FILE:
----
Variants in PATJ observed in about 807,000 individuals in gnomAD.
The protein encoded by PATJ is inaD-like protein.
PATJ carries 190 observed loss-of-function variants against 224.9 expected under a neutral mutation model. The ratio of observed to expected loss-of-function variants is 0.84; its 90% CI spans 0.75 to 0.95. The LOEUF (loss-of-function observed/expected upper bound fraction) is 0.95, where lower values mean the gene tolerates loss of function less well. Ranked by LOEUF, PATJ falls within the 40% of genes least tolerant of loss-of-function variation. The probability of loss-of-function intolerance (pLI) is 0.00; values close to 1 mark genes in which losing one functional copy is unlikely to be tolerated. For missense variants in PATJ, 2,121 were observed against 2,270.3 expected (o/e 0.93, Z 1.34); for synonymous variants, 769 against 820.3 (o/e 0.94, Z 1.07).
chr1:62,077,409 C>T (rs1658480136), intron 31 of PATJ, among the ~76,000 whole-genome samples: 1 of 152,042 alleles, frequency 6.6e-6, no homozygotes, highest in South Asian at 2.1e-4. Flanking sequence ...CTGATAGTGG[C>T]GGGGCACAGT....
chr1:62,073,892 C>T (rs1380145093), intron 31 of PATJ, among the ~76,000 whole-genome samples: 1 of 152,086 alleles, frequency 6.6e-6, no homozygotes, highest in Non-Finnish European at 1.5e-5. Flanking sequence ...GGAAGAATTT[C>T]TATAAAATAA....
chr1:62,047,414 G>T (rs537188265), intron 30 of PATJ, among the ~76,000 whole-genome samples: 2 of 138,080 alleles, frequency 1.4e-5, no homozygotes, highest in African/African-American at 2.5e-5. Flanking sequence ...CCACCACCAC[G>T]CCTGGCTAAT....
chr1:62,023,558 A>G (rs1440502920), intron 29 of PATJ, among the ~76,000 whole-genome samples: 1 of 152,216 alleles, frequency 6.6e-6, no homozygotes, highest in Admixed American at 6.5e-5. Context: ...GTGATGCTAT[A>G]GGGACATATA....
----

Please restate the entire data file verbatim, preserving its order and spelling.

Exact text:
Variants in PATJ observed in about 807,000 individuals in gnomAD.
The protein encoded by PATJ is inaD-like protein.
PATJ carries 190 observed loss-of-function variants against 224.9 expected under a neutral mutation model. The ratio of observed to expected loss-of-function variants is 0.84; its 90% CI spans 0.75 to 0.95. The LOEUF (loss-of-function observed/expected upper bound fraction) is 0.95, where lower values mean the gene tolerates loss of function less well. Ranked by LOEUF, PATJ falls within the 40% of genes least tolerant of loss-of-function variation. The probability of loss-of-function intolerance (pLI) is 0.00; values close to 1 mark genes in which losing one functional copy is unlikely to be tolerated. For missense variants in PATJ, 2,121 were observed against 2,270.3 expected (o/e 0.93, Z 1.34); for synonymous variants, 769 against 820.3 (o/e 0.94, Z 1.07).
chr1:62,077,409 C>T (rs1658480136), intron 31 of PATJ, among the ~76,000 whole-genome samples: 1 of 152,042 alleles, frequency 6.6e-6, no homozygotes, highest in South Asian at 2.1e-4. Flanking sequence ...CTGATAGTGG[C>T]GGGGCACAGT....
chr1:62,073,892 C>T (rs1380145093), intron 31 of PATJ, among the ~76,000 whole-genome samples: 1 of 152,086 alleles, frequency 6.6e-6, no homozygotes, highest in Non-Finnish European at 1.5e-5. Flanking sequence ...GGAAGAATTT[C>T]TATAAAATAA....
chr1:62,047,414 G>T (rs537188265), intron 30 of PATJ, among the ~76,000 whole-genome samples: 2 of 138,080 alleles, frequency 1.4e-5, no homozygotes, highest in African/African-American at 2.5e-5. Flanking sequence ...CCACCACCAC[G>T]CCTGGCTAAT....
chr1:62,023,558 A>G (rs1440502920), intron 29 of PATJ, among the ~76,000 whole-genome samples: 1 of 152,216 alleles, frequency 6.6e-6, no homozygotes, highest in Admixed American at 6.5e-5. Context: ...GTGATGCTAT[A>G]GGGACATATA....